Bum Knees and Beach Bums

When your living on a sailboat you never know what toe your going to stub or what finger your going to jamb but just realize it’s going to happen sooner or later. Unfortunately for Shawn, it was his knee. We were all headed into Nassau for some exercise when as soon as he stepped into the dinghy he heard a pop and felt pain. When we made it to shore he exited the dinghy but couldn’t straighten his leg or put much weight on it. While this is a problem when your home and it disrupts your daily life, it is much more serious when your in another country and your main mode of transportation doesn’t work properly. Thankfully, after some sound advice from our friend Molly and several days of rest, relaxation and defrosting our dinners each night on his knee he is feeling much better and able to get around quite nicely, albeit a slight limp.

The next few days we stayed in Nassau while Shawn was recovering just in case we would need to get him to a doctor. This was the last place in the Bahamas for a while we would have these kinds of conveniences available to us. While we were in Nassau we took advantage of the laundry, shopping and internet that were close. Stephen, Natasha, Jaxson and myself went into town a few days to shop, explore or just get off the boat. My favorite experience was the day Jaxson and I headed to a local park so he could burn some energy, we had stopped by the day before and he met a boy close to his age and he was hoping to find some more kids but did not. He played on the swings, went down the slide and then found some red beetles in the sand to play with. Soon he was bored with that and we started walking to the outdoor market at Potters Key. Jaxson is so friendly and frequently just walks up to people on the side of the road and strikes up a conversation. This time he happened upon Berry and Trever (or Trouble I could never understand what he said his name was). The two locals took to Jaxson right away and had us tasting a local fruit called juju, explaining the best way to crack open a coconut and then had us head off with one of their friends who presented us with a free order of conch fritters and a virgin strawberry daiquiri for Jaxson!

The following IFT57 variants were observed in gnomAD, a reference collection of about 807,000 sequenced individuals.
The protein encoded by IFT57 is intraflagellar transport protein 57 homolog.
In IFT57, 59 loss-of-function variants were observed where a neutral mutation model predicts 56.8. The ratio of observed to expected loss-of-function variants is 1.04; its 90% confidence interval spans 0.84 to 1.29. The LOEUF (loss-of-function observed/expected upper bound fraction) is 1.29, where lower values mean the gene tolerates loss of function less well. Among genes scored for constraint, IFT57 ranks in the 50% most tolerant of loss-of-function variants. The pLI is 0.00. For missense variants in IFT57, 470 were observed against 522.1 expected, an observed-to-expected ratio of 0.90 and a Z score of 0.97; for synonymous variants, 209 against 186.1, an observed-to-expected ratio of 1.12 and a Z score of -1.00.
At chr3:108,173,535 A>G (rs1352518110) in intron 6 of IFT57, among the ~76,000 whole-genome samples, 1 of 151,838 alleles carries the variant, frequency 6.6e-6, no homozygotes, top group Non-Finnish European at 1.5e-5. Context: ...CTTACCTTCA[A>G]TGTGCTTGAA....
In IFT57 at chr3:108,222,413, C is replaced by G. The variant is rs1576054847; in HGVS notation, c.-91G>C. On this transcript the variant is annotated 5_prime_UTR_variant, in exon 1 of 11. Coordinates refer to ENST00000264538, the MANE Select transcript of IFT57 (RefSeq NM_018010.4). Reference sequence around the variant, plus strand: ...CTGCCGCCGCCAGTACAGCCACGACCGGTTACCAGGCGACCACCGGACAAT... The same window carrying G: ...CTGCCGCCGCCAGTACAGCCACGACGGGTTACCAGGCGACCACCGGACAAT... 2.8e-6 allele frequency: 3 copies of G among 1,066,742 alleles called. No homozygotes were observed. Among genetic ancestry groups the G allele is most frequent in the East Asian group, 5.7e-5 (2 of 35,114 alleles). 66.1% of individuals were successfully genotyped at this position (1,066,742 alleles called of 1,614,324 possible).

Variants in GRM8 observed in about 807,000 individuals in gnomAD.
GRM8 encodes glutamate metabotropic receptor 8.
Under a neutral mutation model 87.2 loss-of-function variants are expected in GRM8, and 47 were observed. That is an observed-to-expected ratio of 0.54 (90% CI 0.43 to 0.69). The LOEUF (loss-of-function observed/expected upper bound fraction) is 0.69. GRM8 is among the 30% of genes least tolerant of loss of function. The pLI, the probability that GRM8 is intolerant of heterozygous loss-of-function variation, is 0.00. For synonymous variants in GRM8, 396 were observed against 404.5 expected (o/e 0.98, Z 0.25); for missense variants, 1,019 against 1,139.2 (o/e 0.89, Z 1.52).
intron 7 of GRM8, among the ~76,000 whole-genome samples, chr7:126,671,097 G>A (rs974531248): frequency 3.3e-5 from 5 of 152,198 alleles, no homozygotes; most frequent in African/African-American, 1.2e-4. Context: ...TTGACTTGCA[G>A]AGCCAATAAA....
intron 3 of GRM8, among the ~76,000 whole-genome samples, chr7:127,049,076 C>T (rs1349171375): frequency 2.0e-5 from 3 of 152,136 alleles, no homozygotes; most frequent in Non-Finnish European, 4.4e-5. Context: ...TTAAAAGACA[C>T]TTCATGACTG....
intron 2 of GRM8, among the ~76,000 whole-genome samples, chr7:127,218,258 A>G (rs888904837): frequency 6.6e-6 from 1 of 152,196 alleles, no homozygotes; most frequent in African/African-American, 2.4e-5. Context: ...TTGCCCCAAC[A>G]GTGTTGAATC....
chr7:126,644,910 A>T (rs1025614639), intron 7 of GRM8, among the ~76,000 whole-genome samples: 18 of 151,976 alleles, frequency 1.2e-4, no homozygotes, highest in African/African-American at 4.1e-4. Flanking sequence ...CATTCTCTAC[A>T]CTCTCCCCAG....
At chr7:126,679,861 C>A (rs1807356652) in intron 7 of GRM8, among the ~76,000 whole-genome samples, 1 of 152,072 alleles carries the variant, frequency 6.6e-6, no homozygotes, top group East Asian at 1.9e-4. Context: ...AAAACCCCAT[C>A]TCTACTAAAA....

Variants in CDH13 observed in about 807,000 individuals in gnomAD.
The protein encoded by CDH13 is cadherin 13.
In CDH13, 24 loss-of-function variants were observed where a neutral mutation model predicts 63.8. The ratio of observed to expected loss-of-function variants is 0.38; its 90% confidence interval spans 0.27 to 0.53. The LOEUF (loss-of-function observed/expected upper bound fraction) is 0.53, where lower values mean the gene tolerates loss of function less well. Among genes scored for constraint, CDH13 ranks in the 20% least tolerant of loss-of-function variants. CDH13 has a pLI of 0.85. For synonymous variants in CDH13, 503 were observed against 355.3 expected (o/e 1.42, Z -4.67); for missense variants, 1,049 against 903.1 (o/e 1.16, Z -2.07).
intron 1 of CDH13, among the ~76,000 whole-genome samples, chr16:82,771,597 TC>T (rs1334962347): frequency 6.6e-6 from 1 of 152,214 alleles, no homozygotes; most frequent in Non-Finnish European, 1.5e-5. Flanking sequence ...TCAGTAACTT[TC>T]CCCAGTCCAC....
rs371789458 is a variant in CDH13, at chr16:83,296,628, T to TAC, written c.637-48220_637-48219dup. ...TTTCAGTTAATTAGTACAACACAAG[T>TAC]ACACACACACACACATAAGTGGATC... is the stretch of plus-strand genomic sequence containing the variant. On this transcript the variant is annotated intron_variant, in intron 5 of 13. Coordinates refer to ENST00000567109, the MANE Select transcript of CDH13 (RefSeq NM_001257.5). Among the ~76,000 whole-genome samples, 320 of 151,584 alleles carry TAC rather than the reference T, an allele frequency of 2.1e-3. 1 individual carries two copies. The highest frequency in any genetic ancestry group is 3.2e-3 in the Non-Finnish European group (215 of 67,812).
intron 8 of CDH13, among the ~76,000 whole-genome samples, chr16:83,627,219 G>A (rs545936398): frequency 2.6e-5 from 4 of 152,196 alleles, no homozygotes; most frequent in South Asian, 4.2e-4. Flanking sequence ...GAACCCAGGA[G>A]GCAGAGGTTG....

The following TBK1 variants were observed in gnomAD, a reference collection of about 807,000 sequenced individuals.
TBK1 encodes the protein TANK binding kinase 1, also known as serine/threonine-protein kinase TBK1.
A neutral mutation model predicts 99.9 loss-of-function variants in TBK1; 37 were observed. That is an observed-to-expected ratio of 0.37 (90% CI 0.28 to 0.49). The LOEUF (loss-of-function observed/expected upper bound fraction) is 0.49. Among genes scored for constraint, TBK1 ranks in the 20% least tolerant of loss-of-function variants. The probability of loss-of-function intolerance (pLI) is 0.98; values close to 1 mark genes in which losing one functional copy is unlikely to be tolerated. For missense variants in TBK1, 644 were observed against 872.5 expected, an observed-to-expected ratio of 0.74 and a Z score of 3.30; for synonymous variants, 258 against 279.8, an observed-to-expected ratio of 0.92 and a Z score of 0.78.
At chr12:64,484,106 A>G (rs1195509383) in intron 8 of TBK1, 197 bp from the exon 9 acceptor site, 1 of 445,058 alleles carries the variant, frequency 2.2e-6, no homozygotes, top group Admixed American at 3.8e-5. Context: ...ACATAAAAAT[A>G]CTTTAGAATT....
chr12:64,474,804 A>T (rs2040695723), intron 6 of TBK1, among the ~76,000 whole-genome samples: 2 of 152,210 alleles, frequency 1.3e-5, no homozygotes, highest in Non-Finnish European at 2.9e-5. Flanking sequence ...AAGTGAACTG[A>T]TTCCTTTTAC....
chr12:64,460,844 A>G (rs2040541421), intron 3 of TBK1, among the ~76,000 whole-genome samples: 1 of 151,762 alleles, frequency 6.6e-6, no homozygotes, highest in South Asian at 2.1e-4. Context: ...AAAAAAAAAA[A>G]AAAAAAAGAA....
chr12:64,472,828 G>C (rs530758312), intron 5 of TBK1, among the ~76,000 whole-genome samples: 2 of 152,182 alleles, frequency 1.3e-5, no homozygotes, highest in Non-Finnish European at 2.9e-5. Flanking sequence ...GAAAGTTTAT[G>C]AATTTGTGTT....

Our next stop was Highborne Cay in the Northern Exumas. Light squalls and clouds kept us in the boat for the first day doing much needed housekeeping and some sewing. The weather improved slightly the next day and we ventured out to hunt for lobster and conch. Our lobster efforts were not successful but some friends of ours on a neighboring boat Samana, speared a very large lobster. They brought it by so we could see what a spiny lobster looks like close up. It has no pinchers like the cold water New England lobsters Shawn and I are accustomed to but instead has two very long antenna. We have yet to have any luck seeing one to spear but we will keep looking. We took the dinghy into the Highborne Cay Marina to check out what they had to offer and maybe use the wifi. We were not able to get internet but we did get to meet some interesting people. Jaxson found a boy his age, Noah. Noah was with his older sister Tonya and they were on vacation from Canada. Jaxson and Noah had a very fun time running around, playing in the ocean and with Noah’s electronics. Noah and his family are French Canadians and spoke both English and French. Noah was more comfortable speaking French but any language barrier was not evident in two young boys, words weren’t important. Since coming on our trip and exposing Jaxson to other cultures and languages he has expressed a very high interest in learning another language. He often runs around making up words he calls Spanish or French. I guess I better get my but in gear and start teaching him (and learning myself) another language. When they say young kids are a sponge for learning they weren’t kidding!